Photo by Dalton DeHart
The Ryan White Comprehensive AIDS Resources Emergency (CARE) Act, the landmark healthcare legislation that provides medical care and other services for thousands of Houstonians living with HIV/AIDS, is at risk of being ingested and transformed by the congressional controversy surrounding healthcare reform. The CARE Act currently provides $25 million in funding for a variety of medical and support services for more than 8,700 Texans in and around Houston living with HIV/AIDS, 70 percent of whom are below the federal poverty level. The CARE Act, like most federal legislation, requires two main congressional actions to live and flourish: “authorization,” which essentially allows the Act to exist, and “appropriation,” which ensures that it is funded to fulfill its mandate.
First authorized in 1990, the CARE Act has undergone seven congressional reauthorizations, most recently in 2006 during a much more hostile political environment than currently exists. At that time, a “sunset” provision was put into the legislation. This clause stipulated an automatic repeal of the Act on September 30, 2009. This “sunset” language is often used with regard to controversial legislation to constrain it in some way for political and economic reasons.
Bruce Turner is Chair of Houston’s Ryan White Planning Council, the deliberative body legislatively mandated to prioritize and allocate how federal CARE Act funds are spent in Houston and its five surrounding counties. “During the 2006 reauthorization, there were several compromises crafted in order to obtain bipartisan support for the Act within a Republican-controlled Congress. Representative and then-committee chairman Joe Barton of Fort Worth included the sunset provision as part of that process,” stated Turner.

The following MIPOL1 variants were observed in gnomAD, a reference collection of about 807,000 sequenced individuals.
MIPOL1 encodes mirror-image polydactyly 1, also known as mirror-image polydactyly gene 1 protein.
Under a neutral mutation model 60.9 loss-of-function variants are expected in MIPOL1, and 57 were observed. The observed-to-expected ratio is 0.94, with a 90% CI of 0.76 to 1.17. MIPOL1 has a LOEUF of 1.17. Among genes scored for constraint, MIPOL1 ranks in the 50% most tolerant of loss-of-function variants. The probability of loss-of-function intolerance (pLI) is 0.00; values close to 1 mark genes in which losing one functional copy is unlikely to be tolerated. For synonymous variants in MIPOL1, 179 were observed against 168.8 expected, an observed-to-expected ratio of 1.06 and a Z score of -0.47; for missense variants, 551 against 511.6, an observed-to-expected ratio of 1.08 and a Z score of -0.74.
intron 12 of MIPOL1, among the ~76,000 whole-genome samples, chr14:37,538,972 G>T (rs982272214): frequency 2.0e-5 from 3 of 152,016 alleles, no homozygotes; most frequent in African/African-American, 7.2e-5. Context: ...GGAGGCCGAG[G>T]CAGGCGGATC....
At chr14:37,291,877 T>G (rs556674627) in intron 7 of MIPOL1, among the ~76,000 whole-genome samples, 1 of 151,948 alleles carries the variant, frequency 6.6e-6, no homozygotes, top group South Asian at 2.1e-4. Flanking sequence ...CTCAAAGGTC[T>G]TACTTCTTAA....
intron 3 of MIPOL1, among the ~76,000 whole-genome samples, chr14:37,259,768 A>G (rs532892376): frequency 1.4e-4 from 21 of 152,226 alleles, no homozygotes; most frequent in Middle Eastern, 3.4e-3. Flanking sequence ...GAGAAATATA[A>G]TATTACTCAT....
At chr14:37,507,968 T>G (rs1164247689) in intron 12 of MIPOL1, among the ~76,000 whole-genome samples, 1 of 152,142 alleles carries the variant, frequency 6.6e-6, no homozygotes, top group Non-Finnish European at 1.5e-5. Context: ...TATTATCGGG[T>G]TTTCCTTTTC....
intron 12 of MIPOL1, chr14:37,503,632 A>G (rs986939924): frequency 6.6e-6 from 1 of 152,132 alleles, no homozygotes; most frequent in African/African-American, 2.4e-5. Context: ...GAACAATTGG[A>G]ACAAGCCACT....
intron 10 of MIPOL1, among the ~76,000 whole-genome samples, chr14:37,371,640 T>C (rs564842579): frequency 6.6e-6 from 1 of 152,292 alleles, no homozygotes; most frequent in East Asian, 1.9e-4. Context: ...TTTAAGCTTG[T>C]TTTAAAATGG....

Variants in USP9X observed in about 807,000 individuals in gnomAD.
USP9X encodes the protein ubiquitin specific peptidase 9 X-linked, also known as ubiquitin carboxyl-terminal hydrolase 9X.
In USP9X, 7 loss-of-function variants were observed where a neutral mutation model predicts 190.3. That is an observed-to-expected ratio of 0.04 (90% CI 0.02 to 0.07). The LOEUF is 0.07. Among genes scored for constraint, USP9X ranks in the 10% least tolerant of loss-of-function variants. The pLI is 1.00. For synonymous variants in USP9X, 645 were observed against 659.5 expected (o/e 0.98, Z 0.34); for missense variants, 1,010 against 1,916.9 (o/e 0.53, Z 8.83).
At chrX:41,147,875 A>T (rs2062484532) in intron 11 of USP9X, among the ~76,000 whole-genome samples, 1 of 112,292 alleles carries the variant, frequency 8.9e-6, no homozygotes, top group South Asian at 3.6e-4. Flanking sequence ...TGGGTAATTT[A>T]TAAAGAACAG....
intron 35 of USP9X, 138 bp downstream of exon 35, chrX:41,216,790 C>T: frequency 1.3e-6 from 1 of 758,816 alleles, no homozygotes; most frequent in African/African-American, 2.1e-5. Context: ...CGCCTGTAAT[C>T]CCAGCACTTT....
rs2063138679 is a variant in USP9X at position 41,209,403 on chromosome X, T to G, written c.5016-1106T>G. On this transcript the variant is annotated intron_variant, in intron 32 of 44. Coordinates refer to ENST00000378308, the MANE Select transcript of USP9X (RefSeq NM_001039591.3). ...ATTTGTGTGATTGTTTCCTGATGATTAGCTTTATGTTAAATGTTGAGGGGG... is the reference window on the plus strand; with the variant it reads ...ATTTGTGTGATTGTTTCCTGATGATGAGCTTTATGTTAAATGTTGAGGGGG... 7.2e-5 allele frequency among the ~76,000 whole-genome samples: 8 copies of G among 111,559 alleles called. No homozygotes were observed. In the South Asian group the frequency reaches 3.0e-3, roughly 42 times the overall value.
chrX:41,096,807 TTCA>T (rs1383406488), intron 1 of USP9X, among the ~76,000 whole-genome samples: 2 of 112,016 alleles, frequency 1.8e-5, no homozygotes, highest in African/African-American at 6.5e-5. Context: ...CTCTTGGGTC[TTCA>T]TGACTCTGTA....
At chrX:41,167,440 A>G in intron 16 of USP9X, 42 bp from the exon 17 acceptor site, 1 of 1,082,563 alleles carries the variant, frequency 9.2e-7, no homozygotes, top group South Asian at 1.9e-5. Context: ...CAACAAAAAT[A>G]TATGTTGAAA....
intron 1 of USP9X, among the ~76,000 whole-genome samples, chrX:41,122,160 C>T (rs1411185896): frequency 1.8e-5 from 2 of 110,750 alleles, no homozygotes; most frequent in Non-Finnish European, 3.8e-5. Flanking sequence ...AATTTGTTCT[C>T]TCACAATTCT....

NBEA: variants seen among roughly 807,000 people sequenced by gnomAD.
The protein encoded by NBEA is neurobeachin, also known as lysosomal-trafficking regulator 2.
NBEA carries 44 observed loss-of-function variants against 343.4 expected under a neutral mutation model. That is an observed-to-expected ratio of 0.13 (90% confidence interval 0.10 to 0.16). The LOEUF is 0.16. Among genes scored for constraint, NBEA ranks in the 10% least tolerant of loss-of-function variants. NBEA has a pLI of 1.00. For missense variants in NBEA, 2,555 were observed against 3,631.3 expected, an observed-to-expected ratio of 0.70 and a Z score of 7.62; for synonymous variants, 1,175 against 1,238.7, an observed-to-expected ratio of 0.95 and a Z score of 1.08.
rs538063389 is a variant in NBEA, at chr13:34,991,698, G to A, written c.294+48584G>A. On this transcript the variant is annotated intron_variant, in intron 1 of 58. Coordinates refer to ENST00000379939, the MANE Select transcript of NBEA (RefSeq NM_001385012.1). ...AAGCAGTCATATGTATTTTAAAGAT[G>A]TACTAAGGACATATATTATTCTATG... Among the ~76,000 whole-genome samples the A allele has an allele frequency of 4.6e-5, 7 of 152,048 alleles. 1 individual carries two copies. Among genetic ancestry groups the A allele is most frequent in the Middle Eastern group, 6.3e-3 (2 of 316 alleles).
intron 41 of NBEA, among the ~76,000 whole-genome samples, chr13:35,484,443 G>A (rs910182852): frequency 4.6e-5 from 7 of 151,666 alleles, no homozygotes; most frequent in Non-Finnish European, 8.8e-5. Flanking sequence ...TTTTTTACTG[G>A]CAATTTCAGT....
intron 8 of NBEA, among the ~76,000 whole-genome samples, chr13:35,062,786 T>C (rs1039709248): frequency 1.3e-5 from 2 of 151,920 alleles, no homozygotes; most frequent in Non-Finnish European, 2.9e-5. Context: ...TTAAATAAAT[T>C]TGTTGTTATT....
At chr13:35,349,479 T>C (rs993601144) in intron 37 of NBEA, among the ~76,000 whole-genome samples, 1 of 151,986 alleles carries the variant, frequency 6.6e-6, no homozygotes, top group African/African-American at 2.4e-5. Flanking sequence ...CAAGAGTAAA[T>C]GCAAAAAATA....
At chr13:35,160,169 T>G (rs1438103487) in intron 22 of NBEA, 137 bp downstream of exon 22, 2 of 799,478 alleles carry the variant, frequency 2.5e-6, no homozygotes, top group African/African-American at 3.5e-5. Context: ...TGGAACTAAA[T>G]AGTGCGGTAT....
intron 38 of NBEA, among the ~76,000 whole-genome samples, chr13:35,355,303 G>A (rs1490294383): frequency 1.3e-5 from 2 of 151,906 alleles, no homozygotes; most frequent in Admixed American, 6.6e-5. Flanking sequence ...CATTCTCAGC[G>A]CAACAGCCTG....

At press time, there is an intensive push on congressional leaders to resolve the situation; 280 national and local organizations have joined together to ensure passage of legislation that will enable the Act to continue in its present form. Procedural wrangling has collided with shifting congressional priorities, resulting in a series of sudden impediments for the Act. “Congress runs on three routes,” Turner said, “one for budget, one for allocation, and one for policy issues. There is money in the 2010 budget for the Act, but the policy has to be in force and authorized. In this case, Congress started the process late, primarily as a result of the tremendous amount of time and resources that have been designated to the healthcare reform. The CARE Act essentially got lost in the shuffle.”
While this snarl may appear to be merely bureaucratic red tape, implications for individuals utilizing CARE Act-funded services are serious. Clients access HIV services through a series of local CARE Act-funded entities. These agencies are funded through a complex allotment system whereby funds flow from federal sources to states, cities, and eventually to organizations that provide medical and
social services in Harris and the surrounding counties. According to Turner, “Due to this sunset provision, the process whereby state, county, and local governments access federal funding has been delayed.”
While the Act emerges from legislative limbo, its budgetary cycle runs from March 1 through February 28. Consequently, current services will remain funded through February, 2010. According to Turner, the consensus of community advocates and officials with the Health Resources and Services Administration (HRSA)—the federal agency responsible for oversight of the Act—is that, due to the specific needs of the clients it serves, the Act must remain in place in its
Several Houstonians were in Washington in mid-September to educate legislators on CARE Act policy. Randall Ellis, Senior Director of Government Relations with Legacy Community Health Services, was there. “In the past there was no sunset provision in this legislation, so HRSA was able to administer the Act as it had in previous years. This year has been different, and reauthorization is now more important than ever,” stated Ellis.